Brain Pathology Case of the Month - August 1998


Sections stained by conventional methods showed a moderately cellular tumor with an organoid pattern. The tumor cells were divided into groups by a network of incomplete septae resulting in a lobular appearance. They contained reticulin, collagen fibers and vessels, and were regionally hyalinized. The tumor cells were small to medium sized with round nuclei and eosinophilic cytoplasm without clear boundaries. Interspersed were larger cells with slightly pleomorphic, hyperchromatic nuclei containing an eccentric nucleolus and often abundant cytoplasm, suggestive of atypical ganglioid cells. In addition, there were scattered giant cells with single or multiple bizarre nuclei. Occasionally, the cytoplasm was vacuolated. There were small amounts of an eosinophilic matrix between the tumor cells in a central location, resembling neuropil. (Image 02). A network of neurites could be visualized here and along vessels and septae by Bodian silver impregnation (Image 03). Typical pineocytomatous rosettes were not detectable. Only a few mitoses were observed and there was no necrosis. The tumor showed few microcalcifications and was bounded by a fibrous capsule.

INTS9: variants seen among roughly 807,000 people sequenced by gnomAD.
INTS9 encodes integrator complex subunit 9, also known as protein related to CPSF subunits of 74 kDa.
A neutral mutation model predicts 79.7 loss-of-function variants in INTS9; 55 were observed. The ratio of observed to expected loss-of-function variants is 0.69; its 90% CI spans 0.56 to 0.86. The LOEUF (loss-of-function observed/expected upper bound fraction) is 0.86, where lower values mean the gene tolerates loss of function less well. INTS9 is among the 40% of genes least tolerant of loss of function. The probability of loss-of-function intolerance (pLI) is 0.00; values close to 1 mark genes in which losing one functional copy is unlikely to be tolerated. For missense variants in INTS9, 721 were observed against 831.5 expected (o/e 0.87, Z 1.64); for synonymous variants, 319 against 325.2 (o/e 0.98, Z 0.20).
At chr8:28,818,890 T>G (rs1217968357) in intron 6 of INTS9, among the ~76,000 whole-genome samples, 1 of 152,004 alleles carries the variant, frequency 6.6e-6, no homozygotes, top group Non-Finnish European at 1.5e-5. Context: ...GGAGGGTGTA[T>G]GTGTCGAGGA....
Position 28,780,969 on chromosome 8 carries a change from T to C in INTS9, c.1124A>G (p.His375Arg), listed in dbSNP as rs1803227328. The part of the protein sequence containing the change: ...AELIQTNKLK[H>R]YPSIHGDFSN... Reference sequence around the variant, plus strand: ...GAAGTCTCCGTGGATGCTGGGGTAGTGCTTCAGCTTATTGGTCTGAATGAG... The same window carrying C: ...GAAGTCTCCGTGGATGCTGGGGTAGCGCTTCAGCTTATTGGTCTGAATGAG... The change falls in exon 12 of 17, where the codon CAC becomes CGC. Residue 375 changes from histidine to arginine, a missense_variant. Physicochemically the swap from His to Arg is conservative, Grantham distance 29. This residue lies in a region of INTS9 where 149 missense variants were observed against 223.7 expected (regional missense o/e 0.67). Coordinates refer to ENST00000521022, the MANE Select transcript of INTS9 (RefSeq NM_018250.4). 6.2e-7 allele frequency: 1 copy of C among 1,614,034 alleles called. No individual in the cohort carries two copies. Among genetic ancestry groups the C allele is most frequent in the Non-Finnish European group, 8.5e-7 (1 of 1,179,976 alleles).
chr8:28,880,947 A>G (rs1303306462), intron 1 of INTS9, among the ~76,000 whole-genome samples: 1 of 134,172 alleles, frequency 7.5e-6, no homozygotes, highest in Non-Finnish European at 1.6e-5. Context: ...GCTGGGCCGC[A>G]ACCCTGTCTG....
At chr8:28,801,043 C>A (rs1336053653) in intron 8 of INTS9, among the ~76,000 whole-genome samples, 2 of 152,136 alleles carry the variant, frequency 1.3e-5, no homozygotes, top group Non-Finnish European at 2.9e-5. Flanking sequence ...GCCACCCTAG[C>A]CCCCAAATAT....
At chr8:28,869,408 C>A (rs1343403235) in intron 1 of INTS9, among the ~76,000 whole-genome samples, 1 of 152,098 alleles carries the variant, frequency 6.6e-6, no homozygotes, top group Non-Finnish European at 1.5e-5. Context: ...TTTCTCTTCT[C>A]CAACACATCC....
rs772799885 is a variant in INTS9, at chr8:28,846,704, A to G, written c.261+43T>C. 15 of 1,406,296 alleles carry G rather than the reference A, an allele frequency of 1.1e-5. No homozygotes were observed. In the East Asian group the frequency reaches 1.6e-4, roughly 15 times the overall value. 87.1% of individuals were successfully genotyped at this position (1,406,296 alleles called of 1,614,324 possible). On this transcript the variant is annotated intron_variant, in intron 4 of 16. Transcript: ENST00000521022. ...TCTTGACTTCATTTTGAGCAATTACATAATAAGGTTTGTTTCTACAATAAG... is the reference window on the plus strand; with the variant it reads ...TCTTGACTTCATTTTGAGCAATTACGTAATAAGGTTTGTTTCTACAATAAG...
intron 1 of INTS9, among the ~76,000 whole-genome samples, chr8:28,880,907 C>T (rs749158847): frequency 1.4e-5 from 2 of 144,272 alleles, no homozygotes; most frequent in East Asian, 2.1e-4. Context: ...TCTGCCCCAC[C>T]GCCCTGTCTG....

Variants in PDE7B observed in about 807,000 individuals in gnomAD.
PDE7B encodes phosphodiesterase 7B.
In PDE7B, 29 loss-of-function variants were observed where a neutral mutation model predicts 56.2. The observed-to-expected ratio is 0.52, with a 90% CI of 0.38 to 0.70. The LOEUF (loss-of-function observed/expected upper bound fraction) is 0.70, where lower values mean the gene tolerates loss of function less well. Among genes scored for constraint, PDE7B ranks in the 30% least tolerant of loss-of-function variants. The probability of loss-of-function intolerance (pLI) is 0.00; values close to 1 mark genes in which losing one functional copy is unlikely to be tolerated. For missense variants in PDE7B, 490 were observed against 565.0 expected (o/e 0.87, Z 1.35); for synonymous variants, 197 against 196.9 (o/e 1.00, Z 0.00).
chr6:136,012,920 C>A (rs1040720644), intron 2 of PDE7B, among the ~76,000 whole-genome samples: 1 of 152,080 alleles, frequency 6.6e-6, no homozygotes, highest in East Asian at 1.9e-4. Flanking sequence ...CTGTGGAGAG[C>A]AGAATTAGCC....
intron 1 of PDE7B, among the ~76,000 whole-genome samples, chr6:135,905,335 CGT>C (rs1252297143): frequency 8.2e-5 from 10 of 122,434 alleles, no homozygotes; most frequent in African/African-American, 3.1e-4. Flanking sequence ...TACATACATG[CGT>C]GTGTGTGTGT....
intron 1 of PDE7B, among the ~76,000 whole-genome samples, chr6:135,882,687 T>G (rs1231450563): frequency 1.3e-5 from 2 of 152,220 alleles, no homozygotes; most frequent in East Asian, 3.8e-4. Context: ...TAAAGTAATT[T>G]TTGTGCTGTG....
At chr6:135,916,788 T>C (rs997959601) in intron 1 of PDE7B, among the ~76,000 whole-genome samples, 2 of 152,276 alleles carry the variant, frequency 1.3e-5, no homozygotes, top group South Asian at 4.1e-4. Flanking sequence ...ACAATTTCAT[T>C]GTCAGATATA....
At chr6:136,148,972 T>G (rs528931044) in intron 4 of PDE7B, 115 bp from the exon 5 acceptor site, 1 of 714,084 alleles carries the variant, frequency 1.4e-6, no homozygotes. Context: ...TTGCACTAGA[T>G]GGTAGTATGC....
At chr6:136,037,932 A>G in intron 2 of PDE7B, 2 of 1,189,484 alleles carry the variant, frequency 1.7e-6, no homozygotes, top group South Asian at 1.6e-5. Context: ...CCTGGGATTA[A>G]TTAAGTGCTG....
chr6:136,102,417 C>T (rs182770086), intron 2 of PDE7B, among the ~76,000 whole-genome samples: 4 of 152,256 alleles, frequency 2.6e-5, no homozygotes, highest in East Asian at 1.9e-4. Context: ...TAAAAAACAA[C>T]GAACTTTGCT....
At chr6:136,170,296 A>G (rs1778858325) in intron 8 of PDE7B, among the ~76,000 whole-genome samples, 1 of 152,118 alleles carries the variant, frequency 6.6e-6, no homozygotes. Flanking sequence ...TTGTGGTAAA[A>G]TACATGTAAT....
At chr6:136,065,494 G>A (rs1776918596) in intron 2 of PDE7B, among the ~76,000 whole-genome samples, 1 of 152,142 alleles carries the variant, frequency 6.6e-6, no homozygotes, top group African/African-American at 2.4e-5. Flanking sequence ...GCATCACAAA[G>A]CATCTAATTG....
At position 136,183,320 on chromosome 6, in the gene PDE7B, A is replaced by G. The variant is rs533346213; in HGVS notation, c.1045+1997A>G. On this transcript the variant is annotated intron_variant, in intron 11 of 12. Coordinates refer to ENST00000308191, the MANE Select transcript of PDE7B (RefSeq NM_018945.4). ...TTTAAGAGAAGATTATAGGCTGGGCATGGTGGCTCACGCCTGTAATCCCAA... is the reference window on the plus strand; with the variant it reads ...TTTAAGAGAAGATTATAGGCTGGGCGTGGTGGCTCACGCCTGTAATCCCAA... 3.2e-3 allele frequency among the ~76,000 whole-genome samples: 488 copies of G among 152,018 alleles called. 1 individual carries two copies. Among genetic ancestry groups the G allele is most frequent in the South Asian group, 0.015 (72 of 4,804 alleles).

Immunohistochemically, a large number of cells showed a positive cytoplasmic reaction with antibodies to neuron specific enolase (BioGenex). Synaptophysin (38 kD, Dako) was conspicuously positive in the neuropil islands in a fine granular distribution (Image 04). Neurofilament protein (70 kD and 200 kD, Dako) was demonstrable in perikarya and cytoplasmic processes in many cells. Antibodies to glial fibrillary acidic protein, cytokeratin, placenta-specific alkaline phosphatase, and vimentin gave no positive reaction. MIB-I was positive in approximately 1.5% of tumor cell nuclei.


International Society of Neuropathology